Through August 7
Arriving on the top floor of the Pompidou meant relishing a ride up the escalator tubes running the length of the famously inside-out building. Norman Foster began quietly, on the museum’s top floor, in near darkness. The first room of the exhibition is filled with mounted frames and is dim, if not dark, with the little light available focused on a tube-like backlit table at center of the room. The room represents the intense effort by curator and Centre Pompidou deputy director Frédéric Migayrou to collect every work on paper of Foster’s career—from the stereotypical architect’s cocktail napkin sketches of an emerging practitioner to recent efforts at curated A5 sketchbooks as he’s risen to the leader of international firm Foster + Partners—into one spatial experience. The challenge to viewers is to read, and digest, everything on offer.
This paper-based gallery is just one fraction of Norman Foster, an interactive monograph dedicated to over five decades of the architect’s career occupying nearly 2,200 square meters (23,680 square feet) of the Pompidou’s gallery space. Foster’s name once associated with high-profile civic projects like Berlin’s Reichstag, is now synonymous with skyline-defining forms like London’s “Gherkin.” His works on paper were refreshing reminders of humble roots. Foster’s earlier scribbles included notes like “KISS: Keep It Simple, Stupid,” and ballpoint pen iterations of designs for a pair of low rimless eyeglasses.
However, the majority of those 23,680 square feet are dedicated to an airline hanger–esque layout of instantly recognizable, large-scale architectural models. Foster’s most iconic works are on display as 3D-printed plastics in a trophy case. Models of dozens of skyscrapers stand in a row overlooking a sweeping view of a low-rise Parisian urban fabric, looking like they would be more at home at an architecture office’s reception desk than an art museum podium.
The project given the most square-footage is without a doubt Foster’s Apple headquarters, One Apple Park Way. The “infinite loop” home to the most coveted tech company in the world shows just how far Foster has come from those notepads of the ‘50s and ‘60s. Sections of the circular building show intricate details like poché, trees, and even scale figures set against a backdrop of architectural drawings, extending the scene beyond the model. I went back once or twice between the model and the sketches represented in the first room, unfortunately located far apart. In the 21st-century notebooks, the “before” sketch of Apple depicts a site reminiscent of the old, medieval part of a European city: a collection of smaller buildings dispersed throughout the site, with trees and parking making up the interstices. A comic-like sketch then shows arrows extending from each orange-toned building, pushing them into a trash can. The trash can is then “dumped” onto the facing page, transformed from a jumble of individual pieces into a harmonious loop inset in a field of green. Labeled “After: The Greening of Apple,” this sketchbook shows how Foster’s ideas matured in their presentation and offers a glimpse behind the curtain of the design process, before and after client collaboration.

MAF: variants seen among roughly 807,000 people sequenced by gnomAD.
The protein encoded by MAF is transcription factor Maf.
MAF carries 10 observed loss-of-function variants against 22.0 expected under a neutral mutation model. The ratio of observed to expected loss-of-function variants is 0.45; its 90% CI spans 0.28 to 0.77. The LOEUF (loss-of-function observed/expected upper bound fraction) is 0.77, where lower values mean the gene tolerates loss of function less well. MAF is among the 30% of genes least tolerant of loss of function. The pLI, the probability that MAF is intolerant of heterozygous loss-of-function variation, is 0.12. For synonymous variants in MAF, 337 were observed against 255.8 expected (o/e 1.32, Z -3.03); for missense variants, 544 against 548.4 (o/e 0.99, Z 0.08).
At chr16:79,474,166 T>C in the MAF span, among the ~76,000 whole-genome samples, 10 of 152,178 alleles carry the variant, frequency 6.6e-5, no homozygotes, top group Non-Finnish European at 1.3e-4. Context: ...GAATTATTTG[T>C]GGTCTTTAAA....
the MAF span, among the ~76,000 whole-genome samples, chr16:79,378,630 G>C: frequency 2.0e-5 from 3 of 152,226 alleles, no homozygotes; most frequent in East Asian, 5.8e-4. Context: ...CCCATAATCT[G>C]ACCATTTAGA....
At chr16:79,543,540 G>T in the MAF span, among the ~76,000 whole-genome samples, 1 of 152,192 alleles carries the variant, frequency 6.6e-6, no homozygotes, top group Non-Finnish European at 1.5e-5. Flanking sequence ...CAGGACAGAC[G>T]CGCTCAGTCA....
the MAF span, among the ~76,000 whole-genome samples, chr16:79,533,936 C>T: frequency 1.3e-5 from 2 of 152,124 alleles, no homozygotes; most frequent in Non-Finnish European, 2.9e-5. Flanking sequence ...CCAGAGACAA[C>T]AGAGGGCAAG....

The most compelling of the models on view are Foster’s massing models. These process-oriented representations hang in chronological order from the roughest, most suggestive shapes that over time become more detailed, shaded, and colored. What first appears to be a soft clay cylinder morphs into a highly detailed model speedboat: Foster’s YachtPlus fleet. But these sorts of morphological displays are also shown alongside skyscrapers like the firm’s DJI Sky City in Shenzhen, China and the Gherkin. Similar to the sketches that open the exhibition, viewers see how the designer starts with form and hones away at it, like the mythological sculptor revealing the figure within the marble.
Near the exit, Foster’s hyper-21st-century work, which has culminated in an Elon Musk–inspired plan for human habitation on the moon and post-earth projections, is on view. Yet for a man whose motto was once “keep it simple, stupid” I’d like to see a true return to those roots. Despite a wallpaper of thousands of names in what read like 9-point type—a list of the names of every collaborator, intern, and employee that has helped erect buildings in the name of Foster—the trajectory from the human scale to that of only an elite is a rude reminder of just how far an architect’s ego can launch him.